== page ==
3. Following Jesus may cause tension with other people in your life. The truth is, if we live the way God wants us to live, it is going to bother some people; in fact, it may even offend them. They may talk badly or poorly about you. (Luke 6:26). When you choose to follow Jesus and live life the way He calls you to live, some people may not like you. They may even reject you. Don’t let that bother you. There is a term for that. It is called persecution. Early Christ followers experienced persecution in their time and we will too…. 20 Remember what I told you: ‘A servant is not greater than his master.’ If they persecuted me, they will persecute you also. John 15:20a
4. Following Jesus means letting Him direct every aspect of your life. (Luke 9:23-24). Jesus calls us to “take up our cross” and follow Him. The cross in the first century Roman empire meant just one thing - death. Why would Jesus use such a symbol of certain death to describe following Him? Because He wanted His followers to know that being a disciple means to “die to self.” Many would prefer to not do that! They want to maintain control; but being a disciple means giving Jesus complete, unfettered control of your life. That is letting Him direct your path, your actions, your words.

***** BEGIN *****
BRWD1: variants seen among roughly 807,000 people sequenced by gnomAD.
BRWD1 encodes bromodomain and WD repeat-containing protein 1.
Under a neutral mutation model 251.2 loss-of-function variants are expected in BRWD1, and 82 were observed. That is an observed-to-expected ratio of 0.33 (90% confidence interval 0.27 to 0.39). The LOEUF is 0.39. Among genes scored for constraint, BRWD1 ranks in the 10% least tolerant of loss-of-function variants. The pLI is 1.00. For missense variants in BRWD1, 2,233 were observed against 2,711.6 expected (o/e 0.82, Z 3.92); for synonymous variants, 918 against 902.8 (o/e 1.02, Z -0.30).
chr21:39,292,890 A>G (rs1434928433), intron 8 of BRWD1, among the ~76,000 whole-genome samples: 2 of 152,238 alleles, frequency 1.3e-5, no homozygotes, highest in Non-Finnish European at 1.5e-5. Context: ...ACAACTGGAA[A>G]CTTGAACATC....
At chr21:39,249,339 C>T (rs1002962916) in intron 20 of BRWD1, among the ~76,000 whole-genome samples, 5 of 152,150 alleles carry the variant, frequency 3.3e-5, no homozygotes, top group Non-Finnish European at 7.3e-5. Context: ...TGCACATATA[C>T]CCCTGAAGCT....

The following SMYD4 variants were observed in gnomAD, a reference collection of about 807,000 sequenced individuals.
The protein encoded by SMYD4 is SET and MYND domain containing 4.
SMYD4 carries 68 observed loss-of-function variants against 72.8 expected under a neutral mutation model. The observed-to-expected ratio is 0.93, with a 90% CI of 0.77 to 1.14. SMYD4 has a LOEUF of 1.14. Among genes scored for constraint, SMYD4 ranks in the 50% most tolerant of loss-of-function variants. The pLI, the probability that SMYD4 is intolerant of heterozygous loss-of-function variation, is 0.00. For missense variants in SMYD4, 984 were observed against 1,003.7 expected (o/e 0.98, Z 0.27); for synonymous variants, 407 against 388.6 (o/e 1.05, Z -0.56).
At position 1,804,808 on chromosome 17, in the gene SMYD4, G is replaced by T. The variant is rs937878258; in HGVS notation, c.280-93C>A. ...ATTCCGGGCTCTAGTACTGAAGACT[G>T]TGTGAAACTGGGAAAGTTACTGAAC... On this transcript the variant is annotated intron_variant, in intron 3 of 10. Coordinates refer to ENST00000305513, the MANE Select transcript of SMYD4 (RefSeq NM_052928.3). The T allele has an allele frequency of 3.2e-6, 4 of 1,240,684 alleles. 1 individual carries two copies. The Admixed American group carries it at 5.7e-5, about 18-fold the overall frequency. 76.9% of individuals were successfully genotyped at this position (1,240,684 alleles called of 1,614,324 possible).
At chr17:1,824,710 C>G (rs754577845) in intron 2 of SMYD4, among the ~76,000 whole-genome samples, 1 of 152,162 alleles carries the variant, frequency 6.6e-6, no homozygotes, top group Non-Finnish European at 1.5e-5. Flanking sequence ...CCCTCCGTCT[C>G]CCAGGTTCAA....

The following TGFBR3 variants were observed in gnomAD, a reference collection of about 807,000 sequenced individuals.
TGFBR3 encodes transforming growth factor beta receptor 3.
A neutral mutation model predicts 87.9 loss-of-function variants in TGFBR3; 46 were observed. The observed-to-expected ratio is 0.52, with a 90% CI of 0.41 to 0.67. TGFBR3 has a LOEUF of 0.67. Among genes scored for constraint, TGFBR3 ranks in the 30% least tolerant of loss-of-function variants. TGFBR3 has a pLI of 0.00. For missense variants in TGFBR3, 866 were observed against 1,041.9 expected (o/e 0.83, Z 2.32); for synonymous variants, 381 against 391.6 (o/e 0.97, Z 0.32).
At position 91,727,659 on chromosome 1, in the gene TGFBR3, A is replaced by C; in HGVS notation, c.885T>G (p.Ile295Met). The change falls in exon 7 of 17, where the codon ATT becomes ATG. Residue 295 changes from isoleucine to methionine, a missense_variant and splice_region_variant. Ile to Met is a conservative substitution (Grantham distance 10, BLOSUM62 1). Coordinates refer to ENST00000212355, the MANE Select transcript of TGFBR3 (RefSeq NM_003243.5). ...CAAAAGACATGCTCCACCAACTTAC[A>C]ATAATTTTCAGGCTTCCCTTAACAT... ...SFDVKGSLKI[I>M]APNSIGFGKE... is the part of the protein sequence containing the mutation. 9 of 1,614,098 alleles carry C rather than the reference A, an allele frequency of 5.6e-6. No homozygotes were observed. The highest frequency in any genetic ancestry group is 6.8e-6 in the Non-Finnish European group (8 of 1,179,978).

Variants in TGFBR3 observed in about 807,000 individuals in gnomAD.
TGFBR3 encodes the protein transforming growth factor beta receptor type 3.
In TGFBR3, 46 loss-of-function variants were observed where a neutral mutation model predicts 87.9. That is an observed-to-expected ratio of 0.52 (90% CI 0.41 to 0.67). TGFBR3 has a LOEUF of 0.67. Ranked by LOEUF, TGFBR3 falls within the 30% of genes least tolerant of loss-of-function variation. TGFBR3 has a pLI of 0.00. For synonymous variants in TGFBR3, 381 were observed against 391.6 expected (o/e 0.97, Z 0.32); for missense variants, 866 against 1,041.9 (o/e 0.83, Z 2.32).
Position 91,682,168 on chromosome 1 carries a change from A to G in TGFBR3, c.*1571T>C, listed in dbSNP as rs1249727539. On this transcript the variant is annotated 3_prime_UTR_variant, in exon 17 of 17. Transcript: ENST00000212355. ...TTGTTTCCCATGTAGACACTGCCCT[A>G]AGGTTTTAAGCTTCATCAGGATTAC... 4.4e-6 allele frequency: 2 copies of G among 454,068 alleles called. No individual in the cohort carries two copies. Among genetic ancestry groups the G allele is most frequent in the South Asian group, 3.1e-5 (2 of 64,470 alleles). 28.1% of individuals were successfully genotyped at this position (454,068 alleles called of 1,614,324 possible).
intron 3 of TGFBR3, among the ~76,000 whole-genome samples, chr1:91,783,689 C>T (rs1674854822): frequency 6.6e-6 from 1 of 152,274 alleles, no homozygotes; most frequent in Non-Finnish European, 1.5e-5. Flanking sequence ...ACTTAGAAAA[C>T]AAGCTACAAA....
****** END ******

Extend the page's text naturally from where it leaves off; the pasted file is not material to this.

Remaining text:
5. Following Jesus means putting Him above everything else in your life. (Luke 14:33). Jesus doesn’t expect us to give everything we have away and become destitute; but He does expect us to surrender our claim to our possessions. That is difficult in a culture obsessed with stuff; but Jesus says, to be His disciple, we can’t value anything above Him.
These are hard truths… but if you want to move toward maturity as a Christ-Follower, it is imperative to surrender your life to His leadership and become a fully devoted disciple.